In 2012, federal mine safety inspectors discovered a dangerous buildup of combustible dust inside Murray Energy’s New Era mine in southern Illinois. On top of that, they flagged problems with the communication systems miners would rely on to escape a disaster such as a dust explosion.
The Mine Safety and Health Administration proposed more than $146,000 in fines against the company. Through an appeals process, the company was able to pay less than half that amount, around $68,000.
For a company that made more than $845 million in revenue that year, the fines were comparable to a $5 penalty for someone who earns $60,000 a year.
The New Era mine in the last two decades has successfully appealed fines more than any other underground mine in the state, according to an Energy News Network review of federal mine safety penalties. Appeals meant that only 55% of the $14.36 million in originally proposed penalties for safety violations at New Era were paid since Murray Energy acquired the mine in 1998. (As part of a Chapter 11 bankruptcy proceeding, Murray Energy is now owned by former creditors and known by a different name; New Era has ceased production, though it is still listed as an active mine in federal records.)
Federal inspections are the main safeguard meant to prevent accidents and deaths in an inherently dangerous industry, but critics say the penalties — even as originally proposed — are typically so small that they become a cost of doing business rather than a deterrent for unsafe equipment or inadequate protocols.
Often penalties are reduced dramatically after mines take action to remedy problems. The New Era mine agreed to clean and apply rock dust to mitigate the risk of explosion, move cones so they faced the right direction, and install a two-way communication system, according to documents obtained from the Mine Safety and Health Administration.
The proposed penalties MSHA lodges against Illinois coal mines typically range from hundreds of dollars per violation to slightly upward of $10,000 per violation. When violations relate to fatalities, about $70,000 is often proposed, though not always paid. Even before any reductions are made, the amounts are tiny compared to the annual revenues of mining companies that are often in the hundreds of millions or billions each year. In 2019, the mining company with most operations in Illinois, Foresight Energy, reported $834 million in coal sales revenue and logged a net loss of $320 million. (In 2017, Murray Energy acquired a controlling interest in Foresight. In 2018, Foresight brought in over a billion dollars in revenue.) Peabody’s 2019 revenue from coal sales was $4.62 billion.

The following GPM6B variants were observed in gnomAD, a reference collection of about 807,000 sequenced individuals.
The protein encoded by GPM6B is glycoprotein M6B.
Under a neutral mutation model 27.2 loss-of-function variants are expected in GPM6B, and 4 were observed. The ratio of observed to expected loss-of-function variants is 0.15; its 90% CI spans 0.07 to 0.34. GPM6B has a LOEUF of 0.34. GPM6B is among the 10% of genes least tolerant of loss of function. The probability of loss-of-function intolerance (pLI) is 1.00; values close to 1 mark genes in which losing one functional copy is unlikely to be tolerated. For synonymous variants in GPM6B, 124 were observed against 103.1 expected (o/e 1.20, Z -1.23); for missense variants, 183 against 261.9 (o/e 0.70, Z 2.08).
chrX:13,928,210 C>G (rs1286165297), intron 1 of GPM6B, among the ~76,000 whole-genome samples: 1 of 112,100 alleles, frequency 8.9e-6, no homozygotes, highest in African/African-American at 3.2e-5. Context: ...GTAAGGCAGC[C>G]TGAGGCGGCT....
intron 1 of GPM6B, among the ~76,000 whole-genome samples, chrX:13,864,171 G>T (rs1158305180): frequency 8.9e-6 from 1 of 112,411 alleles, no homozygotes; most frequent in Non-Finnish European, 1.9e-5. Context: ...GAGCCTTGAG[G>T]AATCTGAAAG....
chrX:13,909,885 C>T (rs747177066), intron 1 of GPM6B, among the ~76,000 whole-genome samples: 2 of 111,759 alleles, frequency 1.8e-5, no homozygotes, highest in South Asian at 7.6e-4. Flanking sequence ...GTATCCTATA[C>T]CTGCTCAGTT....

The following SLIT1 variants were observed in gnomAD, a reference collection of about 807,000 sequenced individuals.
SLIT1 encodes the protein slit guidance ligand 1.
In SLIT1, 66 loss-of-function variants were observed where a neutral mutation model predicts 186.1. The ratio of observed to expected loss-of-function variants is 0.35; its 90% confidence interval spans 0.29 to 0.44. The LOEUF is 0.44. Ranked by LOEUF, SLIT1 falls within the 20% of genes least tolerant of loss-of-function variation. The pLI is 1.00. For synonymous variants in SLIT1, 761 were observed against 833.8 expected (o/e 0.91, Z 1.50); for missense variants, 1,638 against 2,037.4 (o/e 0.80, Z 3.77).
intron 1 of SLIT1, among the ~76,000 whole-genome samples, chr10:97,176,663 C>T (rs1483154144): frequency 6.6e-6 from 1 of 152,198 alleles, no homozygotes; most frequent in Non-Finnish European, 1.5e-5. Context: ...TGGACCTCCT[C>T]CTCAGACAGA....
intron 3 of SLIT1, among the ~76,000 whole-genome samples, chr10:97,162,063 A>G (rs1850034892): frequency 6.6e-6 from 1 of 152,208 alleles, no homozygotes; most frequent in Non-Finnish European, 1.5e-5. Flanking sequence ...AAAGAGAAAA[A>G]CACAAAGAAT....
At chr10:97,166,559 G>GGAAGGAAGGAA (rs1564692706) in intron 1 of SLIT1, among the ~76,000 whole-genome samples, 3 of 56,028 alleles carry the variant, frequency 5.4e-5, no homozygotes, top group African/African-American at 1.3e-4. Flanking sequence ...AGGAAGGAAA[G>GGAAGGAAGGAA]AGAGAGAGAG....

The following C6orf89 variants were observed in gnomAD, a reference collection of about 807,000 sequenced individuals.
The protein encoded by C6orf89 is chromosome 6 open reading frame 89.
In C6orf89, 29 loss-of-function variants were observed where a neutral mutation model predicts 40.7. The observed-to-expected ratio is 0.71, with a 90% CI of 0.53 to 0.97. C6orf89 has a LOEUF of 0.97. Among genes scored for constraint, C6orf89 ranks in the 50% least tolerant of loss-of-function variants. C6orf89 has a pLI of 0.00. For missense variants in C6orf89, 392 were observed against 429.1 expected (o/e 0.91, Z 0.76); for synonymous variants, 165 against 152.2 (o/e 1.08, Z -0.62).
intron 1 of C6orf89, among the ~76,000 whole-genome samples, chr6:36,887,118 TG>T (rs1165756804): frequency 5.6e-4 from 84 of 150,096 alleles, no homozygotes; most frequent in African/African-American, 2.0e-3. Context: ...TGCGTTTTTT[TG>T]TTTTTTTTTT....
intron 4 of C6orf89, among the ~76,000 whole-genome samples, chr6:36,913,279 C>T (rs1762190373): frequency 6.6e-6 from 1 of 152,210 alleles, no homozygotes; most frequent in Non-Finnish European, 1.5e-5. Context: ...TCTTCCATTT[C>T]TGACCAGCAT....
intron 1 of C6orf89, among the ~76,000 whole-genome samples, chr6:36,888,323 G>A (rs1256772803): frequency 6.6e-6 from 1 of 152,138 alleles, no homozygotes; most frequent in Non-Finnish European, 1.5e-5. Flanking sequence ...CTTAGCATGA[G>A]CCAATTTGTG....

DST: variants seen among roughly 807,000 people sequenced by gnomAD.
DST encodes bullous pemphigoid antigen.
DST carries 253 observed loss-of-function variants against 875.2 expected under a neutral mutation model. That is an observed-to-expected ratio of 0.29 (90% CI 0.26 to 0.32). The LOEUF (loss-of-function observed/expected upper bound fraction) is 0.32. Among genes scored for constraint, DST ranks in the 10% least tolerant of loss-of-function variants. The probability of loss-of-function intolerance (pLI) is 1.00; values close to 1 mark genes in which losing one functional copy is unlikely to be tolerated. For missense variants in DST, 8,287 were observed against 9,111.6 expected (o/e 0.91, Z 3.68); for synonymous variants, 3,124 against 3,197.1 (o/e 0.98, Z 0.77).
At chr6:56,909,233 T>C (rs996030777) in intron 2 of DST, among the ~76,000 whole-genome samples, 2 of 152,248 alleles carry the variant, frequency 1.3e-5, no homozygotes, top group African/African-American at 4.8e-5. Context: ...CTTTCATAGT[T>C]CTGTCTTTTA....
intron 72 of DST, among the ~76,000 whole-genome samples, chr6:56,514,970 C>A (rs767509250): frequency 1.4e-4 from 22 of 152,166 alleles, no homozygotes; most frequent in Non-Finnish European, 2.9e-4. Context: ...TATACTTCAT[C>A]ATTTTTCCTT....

Coal companies see the penalties as just “a consequence of doing business,” in the words of Phil Smith, spokesperson for the United Mine Workers of America labor union, which no longer represents any Illinois miners. The penalty amounts are “of little significance” to companies, Smith continued.
Davitt McAteer, head of MSHA under President Bill Clinton, said, “The issue should be: Does the penalty have any consequences? Does it cause the mine operator to pay attention?”
On June 6, 2016, 34-year-old contractor Robert Clark was fatally crushed under a piece of machinery in the New Era mine after he crawled under it to investigate a leak. MSHA blamed the company for failing to have a sufficient policy in place to avoid such a situation, failing to adequately train miners, and failing to adequately maintain the machine. The agency proposed a $69,400 fine, but that was reduced to $45,000 after New Era put a new policy in place and miners were trained, according to the MSHA documents.